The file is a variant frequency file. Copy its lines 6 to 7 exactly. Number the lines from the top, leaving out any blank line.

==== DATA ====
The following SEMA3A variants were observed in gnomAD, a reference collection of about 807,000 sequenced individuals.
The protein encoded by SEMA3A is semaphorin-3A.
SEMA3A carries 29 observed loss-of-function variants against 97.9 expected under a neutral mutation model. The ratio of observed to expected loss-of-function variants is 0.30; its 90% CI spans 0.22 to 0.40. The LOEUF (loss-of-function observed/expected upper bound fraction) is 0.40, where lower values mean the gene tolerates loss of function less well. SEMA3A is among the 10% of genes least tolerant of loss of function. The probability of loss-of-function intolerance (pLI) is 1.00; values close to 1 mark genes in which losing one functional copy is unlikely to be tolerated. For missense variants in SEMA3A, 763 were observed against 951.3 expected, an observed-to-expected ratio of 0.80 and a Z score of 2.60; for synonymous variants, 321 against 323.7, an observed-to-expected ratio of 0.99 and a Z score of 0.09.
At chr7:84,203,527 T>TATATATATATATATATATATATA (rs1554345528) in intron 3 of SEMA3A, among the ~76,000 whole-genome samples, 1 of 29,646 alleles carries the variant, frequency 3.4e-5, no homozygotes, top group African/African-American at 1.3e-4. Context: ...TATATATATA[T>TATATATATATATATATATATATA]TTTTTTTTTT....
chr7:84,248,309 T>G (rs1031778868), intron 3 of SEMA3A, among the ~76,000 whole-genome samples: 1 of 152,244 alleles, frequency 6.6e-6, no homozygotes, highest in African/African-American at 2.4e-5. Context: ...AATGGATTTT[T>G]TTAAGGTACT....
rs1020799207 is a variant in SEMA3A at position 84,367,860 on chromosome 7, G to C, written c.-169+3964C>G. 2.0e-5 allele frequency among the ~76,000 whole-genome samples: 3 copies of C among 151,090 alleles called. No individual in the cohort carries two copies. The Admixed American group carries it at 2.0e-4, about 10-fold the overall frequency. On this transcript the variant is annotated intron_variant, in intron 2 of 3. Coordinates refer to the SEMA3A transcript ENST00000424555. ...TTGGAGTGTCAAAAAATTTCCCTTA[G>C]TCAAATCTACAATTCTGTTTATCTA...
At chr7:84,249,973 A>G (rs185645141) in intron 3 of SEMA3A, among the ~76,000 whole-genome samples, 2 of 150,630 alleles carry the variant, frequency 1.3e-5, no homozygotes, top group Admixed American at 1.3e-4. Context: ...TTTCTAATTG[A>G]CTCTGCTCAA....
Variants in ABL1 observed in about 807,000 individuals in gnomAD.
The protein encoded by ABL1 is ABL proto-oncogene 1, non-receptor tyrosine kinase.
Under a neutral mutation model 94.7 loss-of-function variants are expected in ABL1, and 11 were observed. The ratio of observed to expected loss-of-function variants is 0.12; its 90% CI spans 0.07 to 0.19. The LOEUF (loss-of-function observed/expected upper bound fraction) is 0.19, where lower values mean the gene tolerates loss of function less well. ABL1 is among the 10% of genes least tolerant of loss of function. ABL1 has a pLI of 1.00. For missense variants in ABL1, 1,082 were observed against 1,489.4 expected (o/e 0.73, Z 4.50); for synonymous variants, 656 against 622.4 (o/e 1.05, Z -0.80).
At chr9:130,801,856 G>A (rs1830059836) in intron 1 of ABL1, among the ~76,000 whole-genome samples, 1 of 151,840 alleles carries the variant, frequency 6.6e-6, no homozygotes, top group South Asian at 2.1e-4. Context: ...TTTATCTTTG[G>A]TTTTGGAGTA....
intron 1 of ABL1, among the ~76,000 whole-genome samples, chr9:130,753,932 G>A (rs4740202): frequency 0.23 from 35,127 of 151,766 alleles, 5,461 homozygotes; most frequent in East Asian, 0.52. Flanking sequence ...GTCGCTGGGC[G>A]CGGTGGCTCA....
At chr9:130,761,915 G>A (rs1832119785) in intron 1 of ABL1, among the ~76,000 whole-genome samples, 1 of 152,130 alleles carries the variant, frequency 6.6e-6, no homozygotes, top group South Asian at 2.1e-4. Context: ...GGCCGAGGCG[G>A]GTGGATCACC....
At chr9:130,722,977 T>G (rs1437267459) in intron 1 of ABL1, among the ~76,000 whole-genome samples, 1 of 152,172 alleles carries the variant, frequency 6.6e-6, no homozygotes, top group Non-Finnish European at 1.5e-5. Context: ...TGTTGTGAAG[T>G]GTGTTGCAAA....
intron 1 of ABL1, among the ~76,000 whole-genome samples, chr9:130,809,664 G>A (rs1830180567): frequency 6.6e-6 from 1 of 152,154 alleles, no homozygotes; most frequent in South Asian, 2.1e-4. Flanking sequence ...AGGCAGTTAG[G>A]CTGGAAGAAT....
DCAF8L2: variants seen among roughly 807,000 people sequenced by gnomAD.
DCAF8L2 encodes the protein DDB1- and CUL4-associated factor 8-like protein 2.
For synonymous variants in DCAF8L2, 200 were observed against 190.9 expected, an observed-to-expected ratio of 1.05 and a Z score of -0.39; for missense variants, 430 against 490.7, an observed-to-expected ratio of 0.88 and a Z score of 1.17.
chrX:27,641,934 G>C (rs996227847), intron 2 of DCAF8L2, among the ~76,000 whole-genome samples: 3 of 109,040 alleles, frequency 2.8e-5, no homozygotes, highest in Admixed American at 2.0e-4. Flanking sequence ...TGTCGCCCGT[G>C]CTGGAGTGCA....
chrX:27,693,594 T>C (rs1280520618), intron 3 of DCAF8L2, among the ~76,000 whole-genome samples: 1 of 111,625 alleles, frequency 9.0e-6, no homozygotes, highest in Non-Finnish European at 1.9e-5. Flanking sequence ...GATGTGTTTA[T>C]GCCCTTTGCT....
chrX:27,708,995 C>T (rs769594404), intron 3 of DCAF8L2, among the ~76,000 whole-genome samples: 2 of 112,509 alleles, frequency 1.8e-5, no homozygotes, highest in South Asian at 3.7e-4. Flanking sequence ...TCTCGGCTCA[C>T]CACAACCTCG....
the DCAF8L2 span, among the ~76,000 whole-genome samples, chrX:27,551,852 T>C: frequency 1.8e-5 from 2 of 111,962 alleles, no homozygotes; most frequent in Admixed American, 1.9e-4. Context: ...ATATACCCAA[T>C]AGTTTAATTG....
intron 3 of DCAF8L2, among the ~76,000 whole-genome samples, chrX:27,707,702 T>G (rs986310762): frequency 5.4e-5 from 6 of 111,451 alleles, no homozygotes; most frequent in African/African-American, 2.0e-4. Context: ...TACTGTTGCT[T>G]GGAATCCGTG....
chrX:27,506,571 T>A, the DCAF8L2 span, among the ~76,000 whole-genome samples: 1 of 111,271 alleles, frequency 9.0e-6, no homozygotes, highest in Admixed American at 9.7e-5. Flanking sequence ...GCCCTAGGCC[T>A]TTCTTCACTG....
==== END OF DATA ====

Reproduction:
rs1020799207 is a variant in SEMA3A at position 84,367,860 on chromosome 7, G to C, written c.-169+3964C>G. 2.0e-5 allele frequency among the ~76,000 whole-genome samples: 3 copies of C among 151,090 alleles called. No individual in the cohort carries two copies. The Admixed American group carries it at 2.0e-4, about 10-fold the overall frequency. On this transcript the variant is annotated intron_variant, in intron 2 of 3. Coordinates refer to the SEMA3A transcript ENST00000424555. ...TTGGAGTGTCAAAAAATTTCCCTTA[G>C]TCAAATCTACAATTCTGTTTATCTA...
At chr7:84,249,973 A>G (rs185645141) in intron 3 of SEMA3A, among the ~76,000 whole-genome samples, 2 of 150,630 alleles carry the variant, frequency 1.3e-5, no homozygotes, top group Admixed American at 1.3e-4. Context: ...TTTCTAATTG[A>G]CTCTGCTCAA....